Thursday, May 31, 2018

"Everything In Moderation" Does Not Apply To Giving Candy To Other People's Kids

I heard it most recently from a teacher explaining why it's no big deal that she gave her 8 and 12 year old students Smarties (Canadian M&Ms), Lucky Charms Bars, Smart Food, Goldfish Crackers and Freezies for various reasons including most recently, writing a standardized test.

It's just a variant of the, "but it's just one" cop out.

Both suggest that the indulgence is small, therefore the questionable offering is no biggie.

And for individuals, it's true. I don't think that there should be any forbidden foods. We should all be consuming the smallest amount of indulgences that we need to like our lives (my four food kryptonites are Sour Patch Kids, Ruffles, dark chocolate Reese's Peanut Butter Cups, and scotch).

But it's not true when referring to teachers choosing to give Smarties to 8 year olds because they were writing a standardized test.

Because firstly, it's not just one, and consequently it's not a moderate amount, because as anyone with children today knows, it's "just one" for other people giving kids junk food virtually every day, and some times multiple times a day.

And yes, while I have zero issue with children eating Smarties (mine just came back from Manhattan where one of their favourite stores was the M&Ms store), teachers teaching their 8 year old students that there's no occasion or effort too small to not warrant candy or junk food does not fit into my definition of a message that's healthy even in moderation.

With very rare exceptions (like another kid's birthday party, or Halloween), parents, and parents alone, should be the arbiters of how much candy or junk food their 8 year olds are offered, not teachers, who instead could/should serve as role models as to how to reward and inspire without messages like the one that same teacher who wanted me to know it was ok because "everything in moderation" posted to Twitter,
"Nothing says #inspirationaltreat like @Nestle #Smarties!"

Not an end of test dance party? An extra period of recess? Painting a celebratory class mural?

Though it's harsher than might be fair, and clearly written in exasperation, there was a comment left on my Facebook page by Robin Nelson VanDyke that I have a difficult time disagreeing with,

Honestly, and as I've been saying over and over again, it's not that teachers don't care, they do, it's that junk food for everything is so entrenched and normalized that when challenged people get defensive rather than reflective.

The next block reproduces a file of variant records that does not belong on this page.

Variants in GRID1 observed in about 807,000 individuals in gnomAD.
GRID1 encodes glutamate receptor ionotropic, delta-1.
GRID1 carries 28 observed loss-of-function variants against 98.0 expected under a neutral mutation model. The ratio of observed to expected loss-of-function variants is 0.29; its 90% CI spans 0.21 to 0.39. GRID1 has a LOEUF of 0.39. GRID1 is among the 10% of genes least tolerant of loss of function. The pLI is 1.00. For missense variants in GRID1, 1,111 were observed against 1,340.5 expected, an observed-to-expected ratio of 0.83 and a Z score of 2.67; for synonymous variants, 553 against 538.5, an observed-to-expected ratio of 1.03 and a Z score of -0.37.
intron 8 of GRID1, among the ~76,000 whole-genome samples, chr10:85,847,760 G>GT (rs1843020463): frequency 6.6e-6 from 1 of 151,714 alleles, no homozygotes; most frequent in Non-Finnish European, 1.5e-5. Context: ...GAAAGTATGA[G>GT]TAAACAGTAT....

[If you're a teacher looking for non-junk food ideas, here's a great list and backgrounder to peek at]

Tuesday, May 29, 2018

A School Principal Blocked Me On Twitter Because I Suggested That 8 Year Olds Need Not Be Rewarded With Oreos For Writing A Test

In Grade 3 in Canada, many students write a standardized test for the Education Quality and Accountability Office (EQAO).

At one school, the kids' Principal tweeted out her note of encouragement, along with a photo of the test packages that the school had prepared for the 8 year olds. Included with each was a package of Oreo cookies.

My response was to point this out as a great example of how there is no longer any occasion too small to not use junk food to reward, pacify, or entertain children.

She blocked me.

Next the chief psychologist of a school board weighed in to state,
"I’m missing the reason for concern. I hope it isn’t unusual for children to be celebrated in schools for all sorts of achievements, activities, or just building a positive school culture."
Call me a dreamer, but I don't think positive school culture needs to be built out of Oreos.

That a principal, and the chief psychologist of a school board, both of who I have zero doubt care tremendously about their students, see no problem with schools teaching 8 year olds that junk food rewards effort and/or relieves stress really speaks to just how entrenched and normalized our unhealthy relationship with junk food has become.

How about an extra 15 minutes of recess in between test blocks if stress is a concern? Or stickers for a job well done, or a come in your PJs to write day if reward is the issue?

And taking a step even further back, should we really be teaching 8 year olds that the simple expectation of their writing tests in life is an event worthy of anything other than being proud that they did their best in writing and/or studying for it?

Saturday, May 26, 2018

Saturday Stories: American Anti-Semitism, Forgotten Palestinians, And On Being Smaller

Edward Joffe and Leon Kanner, murdered by Rasmea Odeh in her bombing of a supermarket in 1969
Karen Bekker, in The Forward, wonders why American anti-Semitism is no longer publicly disqualifying.

Terry Glavin, in Macleans, discusses how the Palestinians in Syria have all but been forgotten.

Colin Gillis, in Avidly, on being smaller.

Thursday, May 24, 2018

Kudos (Maybe) To Calgary Police For Handing Out Recreation Passes For Kids' Good Behaviour Rather than Sugar (Like Here In Ontario)

So here's the story.

Recently I saw a tweet highlighting a new Calgary Positive Ticket campaign whereby Angie Thiessen's daughter received a coupon redeemable for free access to a Calgary recreation facility because she was "caught" learning to ride her bicycle with a bike helmet.
Fantastic, right? Here's a longer piece discussing the program.

But then I saw this story about Calgary's positive ticketing program having handed out 2,350 coupons redeemable for a Macs Milk hot chocolate or Frosty over the course of the past 18 months.

So if the program's changed (and zero doubt that it should) from targeting kids with free advertising and emotional brand washing for sugar sweetened beverages, then kudos to Calgary.

Here's hoping!

Tuesday, May 22, 2018

Metabolically Healthy With Obesity, But For How Long? And Does It Matter?